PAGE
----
Adult male Wistar rats (220-270 g) were obtained from the Laboratory Animals Research Center at Mashhad University of Medical Sciences. The animals were housed in polypropylene cages under light and temperature-controlled conditions (12 h dark/light cycle; 22 ± 4℃). They had free access to water and rat pellets ad libitum. The research was performed in accordance with the internationally accepted principles for laboratory animal use and approved by the animal ethical committee of Mashhad University of Medical Sciences (ethical code: IR.MUMS.fm.REC.1396.623).

3. Experimental design

A total of 24 rats were randomly allocated into four groups (n = 6): normal control rats; diabetic control rats; diabetic rats treated with F. latisecta root at dose of 400 mg/kg/day; and diabetic rats treated with 400 mg/kg/day of F. latisecta aerial parts (stem, leaves, and fruits). The powder of the root and aerial parts were added to food pellets and the dose of the plant materials was adjusted weekly based on the amount of food intake and body weight. Considering the body surface area for dose translation from animals to humans, a dose of 400 mg/kg in the rat is approximately equal to 64 mg/kg in human (i.e., 4.5 g per day for people weighing 70 kg) [21]. In traditional medicine, the whole parts of F. latisecta are added to foods (i.e., soup) or approximately 3-5 g of the leaves is consumed in the form of decoction.

For the induction of diabetes, streptozotocin was injected intraperitoneally at a dose of 65 mg/kg. After 72 h, fasting blood glucose (FBG) was measured by a glucometer (Accu-Check Active, Roche, Mannheim, Germany) and the animals with FBG of 200 mg/dL or higher were considered diabetic [22, 23]. Administration of F. latisecta was started 72 h after streptozotocin injection and continued for 4 weeks.

4. Serum biochemical analysis

At the end of the study, blood samples were collected by cardiac puncture after 12 h fasting. The samples were centrifuged for 10 min at 3000 rpm and the obtained serums were analyzed using an automated biochemistry analyzer (BT 3000 plus, Biotecnica Instruments, Italy). The measured parameters included glucose, triglyceride, cholesterol, low-density lipoprotein (LDL), high-density lipoprotein (HDL), blood urea nitrogen (BUN), creatinine, aspartate aminotransferase (AST), and alanine aminotransferase (ALT).

5. Evaluation of lipid peroxidation

The level of lipid peroxidation in the liver and kidney was estimated by measuring malondialdehyde level as the product of lipid peroxidation. A sample of 0.5 mL of the tissue homogenates was mixed with 0.5 mL of deionized water and 0.5 mL of TBA reagent (TCA 15% and TBA 0.37%, HCl 0.25 N). Then, the mixture was incubated at 95℃ for 60 min. After cooling to room temperature, 25 µL of HCl and 1.5 mL of n-butanol were added to the mixture and centrifuged for 10 min at 1000 rpm. The fluorescence intensity of the supernatant was measured at 485 nm excitation and 535 nm emission using a fluorescent plate reader (PerkinElmer VICTOR X5 USA). Tetraethoxypropane was used to prepare a standard curve at concentration ranges between 10-200 µmol/L.

6. Measurement of total thiol groups

The content of thiol groups in the liver and kidney was measured using the DTNB reagent. A sample of 50 µL of the tissue homogenate was added to 1 mL of Tris-EDTA buffer (pH 8.6). The absorbance was measured at 412 nm against Tris-EDTA buffer alone (A1). Then, 20 µL of DTNB (10 mmol/L in methanol) was added to this mixture and the absorbance was measured again (A2). The optical density of DTNB reagent (B) was also determined. The level of total thiol in the tissues was calculated from the following equation:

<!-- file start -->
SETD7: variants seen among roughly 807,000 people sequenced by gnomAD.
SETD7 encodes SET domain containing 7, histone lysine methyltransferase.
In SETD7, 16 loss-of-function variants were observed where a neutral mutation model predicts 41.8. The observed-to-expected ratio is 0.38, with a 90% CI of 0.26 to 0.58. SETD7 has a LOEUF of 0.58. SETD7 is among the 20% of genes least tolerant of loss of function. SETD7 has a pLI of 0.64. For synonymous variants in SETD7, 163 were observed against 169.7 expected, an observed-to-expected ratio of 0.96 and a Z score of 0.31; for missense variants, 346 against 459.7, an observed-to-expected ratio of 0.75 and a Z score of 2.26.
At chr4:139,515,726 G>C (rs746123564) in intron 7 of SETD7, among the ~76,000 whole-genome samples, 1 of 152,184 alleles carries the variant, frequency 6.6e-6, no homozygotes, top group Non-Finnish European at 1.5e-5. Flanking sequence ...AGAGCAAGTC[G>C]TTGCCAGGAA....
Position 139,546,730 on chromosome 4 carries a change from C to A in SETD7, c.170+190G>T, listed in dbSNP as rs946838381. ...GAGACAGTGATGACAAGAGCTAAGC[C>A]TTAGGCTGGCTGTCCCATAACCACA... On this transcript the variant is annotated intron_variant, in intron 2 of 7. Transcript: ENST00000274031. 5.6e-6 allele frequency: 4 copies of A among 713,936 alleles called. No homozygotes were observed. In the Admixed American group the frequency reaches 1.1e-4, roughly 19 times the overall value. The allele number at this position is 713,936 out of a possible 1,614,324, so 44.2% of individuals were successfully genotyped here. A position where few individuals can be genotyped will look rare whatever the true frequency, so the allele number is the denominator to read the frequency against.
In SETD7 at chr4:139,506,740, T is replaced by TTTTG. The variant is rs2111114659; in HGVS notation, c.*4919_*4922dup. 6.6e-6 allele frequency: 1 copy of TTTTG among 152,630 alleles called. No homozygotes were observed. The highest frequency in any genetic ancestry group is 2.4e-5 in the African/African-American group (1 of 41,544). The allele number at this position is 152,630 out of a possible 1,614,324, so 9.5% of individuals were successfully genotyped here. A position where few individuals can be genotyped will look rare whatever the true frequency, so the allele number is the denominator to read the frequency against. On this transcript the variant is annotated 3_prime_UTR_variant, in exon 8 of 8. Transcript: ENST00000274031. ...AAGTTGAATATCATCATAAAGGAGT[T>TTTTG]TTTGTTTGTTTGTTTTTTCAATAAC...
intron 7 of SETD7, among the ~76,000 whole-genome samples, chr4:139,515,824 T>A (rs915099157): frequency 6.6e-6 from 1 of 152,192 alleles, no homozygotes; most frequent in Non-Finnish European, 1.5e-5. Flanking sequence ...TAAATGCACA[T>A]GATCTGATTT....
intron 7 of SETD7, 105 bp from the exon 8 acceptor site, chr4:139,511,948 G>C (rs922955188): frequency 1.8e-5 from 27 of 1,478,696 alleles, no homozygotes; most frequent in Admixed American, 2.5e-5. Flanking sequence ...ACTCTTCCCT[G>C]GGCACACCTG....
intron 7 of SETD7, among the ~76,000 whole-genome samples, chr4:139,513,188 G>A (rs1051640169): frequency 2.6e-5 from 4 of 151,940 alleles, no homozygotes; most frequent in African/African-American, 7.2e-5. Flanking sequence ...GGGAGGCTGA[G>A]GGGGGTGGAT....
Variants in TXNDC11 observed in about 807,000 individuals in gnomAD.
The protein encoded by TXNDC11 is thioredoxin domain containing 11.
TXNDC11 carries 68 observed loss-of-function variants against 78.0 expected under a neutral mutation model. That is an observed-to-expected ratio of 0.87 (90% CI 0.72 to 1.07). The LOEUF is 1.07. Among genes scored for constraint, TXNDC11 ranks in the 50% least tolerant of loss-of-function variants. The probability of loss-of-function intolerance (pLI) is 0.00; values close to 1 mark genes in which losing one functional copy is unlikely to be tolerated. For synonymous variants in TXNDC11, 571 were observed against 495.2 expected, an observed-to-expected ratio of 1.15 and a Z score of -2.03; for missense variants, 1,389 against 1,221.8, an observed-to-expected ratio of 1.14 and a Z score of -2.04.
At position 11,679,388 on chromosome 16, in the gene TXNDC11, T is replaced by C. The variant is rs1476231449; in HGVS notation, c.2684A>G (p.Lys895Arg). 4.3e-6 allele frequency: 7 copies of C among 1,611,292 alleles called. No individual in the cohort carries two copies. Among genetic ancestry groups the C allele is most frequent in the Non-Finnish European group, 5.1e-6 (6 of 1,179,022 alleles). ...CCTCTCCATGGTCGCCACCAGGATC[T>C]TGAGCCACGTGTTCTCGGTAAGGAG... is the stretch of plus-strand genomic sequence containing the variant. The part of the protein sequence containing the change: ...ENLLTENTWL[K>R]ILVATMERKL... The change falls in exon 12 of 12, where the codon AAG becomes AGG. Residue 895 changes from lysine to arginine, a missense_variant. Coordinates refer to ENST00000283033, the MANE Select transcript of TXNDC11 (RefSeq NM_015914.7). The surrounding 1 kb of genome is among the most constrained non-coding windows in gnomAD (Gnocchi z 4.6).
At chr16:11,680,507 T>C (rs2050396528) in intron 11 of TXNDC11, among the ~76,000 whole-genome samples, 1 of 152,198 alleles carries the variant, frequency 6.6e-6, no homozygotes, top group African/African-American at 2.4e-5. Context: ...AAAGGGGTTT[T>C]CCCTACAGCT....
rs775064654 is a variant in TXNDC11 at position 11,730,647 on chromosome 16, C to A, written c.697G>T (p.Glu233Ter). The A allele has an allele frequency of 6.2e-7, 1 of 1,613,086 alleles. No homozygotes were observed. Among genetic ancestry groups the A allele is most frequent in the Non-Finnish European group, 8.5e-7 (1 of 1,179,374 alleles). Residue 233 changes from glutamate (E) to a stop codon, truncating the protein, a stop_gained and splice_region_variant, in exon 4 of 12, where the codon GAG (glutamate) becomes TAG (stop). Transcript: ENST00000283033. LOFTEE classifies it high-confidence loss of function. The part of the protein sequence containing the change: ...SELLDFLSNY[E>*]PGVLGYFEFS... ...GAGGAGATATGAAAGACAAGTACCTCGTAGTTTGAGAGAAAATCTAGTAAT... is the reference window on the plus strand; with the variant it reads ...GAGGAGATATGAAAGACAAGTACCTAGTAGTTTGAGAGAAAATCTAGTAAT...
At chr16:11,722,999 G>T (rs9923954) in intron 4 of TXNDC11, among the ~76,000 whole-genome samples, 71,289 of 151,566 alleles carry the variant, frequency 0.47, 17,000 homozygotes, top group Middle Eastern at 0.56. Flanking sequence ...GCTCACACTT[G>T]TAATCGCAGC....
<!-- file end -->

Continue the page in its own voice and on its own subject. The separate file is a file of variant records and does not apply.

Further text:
Thiol concentration (mmol/L)=[(A2A1B)×1.07/(0.05×13.6)].

7. Superoxide dismutase (SOD) activity assay

The SOD activity in the liver and kidney was assessed by a calorimetric technique as reported previously [24]. The basis of this assay is the inhibition of the formation of superoxide anion as a result of the auto-oxidation of pyrogallol and MTT. The activity of SOD was expressed as unit per mg tissue protein.

8. Statistical analysis

Statistical differences between the study groups were assessed using one-way analysis of variance followed by LSD post hoc test for multiple comparisons. Paired-sample t-test was used to compare data obtained before and after treatment. Data are presented as mean ± SEM and a p-value less than 0.05 was statistically significant.

RESULTS

1. The body weight, food consumption, and water intake

The effects of F. latisecta intervention on diabetes-induced weight loss, polyphagia, and polydipsia are shown in Table 1. At the start of treatment, there was a homogeneity between the animal groups in terms of body weight. At the end of the study, the normal control group showed an increased body weight compared to day 1 (p < 0.01). However, a significant decrease in the body weight was observed in the diabetic control group (p < 0.01) in spite of a significant increase in consumption of food and water (p < 0.05-p < 0.001). Treatment with the roots or aerial parts of F. latisecta had no significant effect on the body weight, water intake, and food consumption.

Data are expressed as mean ± SEM (n = 6). *p < 0.05, **p < 0.01, ***p < 0.001 versus normal control; ##p < 0.01 versus day 1 in the corresponding group..

&md=tbl&idx=1' data-target="#file-modal"">Table 1

Effects of F. latisecta on the body weight, water intake, and food intake.

ParametersNormal controlDiabetic controlDiabeticF. latisecta (Root)DiabeticF. latisecta (Aerial parts)
Body weight (g)
Day 1250 ± 7240 ± 7230 ± 6240 ± 5
Week 4300 ± 7##200 ± 11***##195 ± 12***##206 ± 5***##
Water intake (mL/24 h)
Week 150 ± 591 ± 7*73 ± 5*90 ± 4*
Week 452 ± 4117 ± 8***119 ± 6***120 ± 8***
Food intake (g/24 h)
Week 124 ± 136 ± 4***30 ± 2*32 ± 2*
Week 422 ± 132 ± 4**27 ± 2*27 ± 3*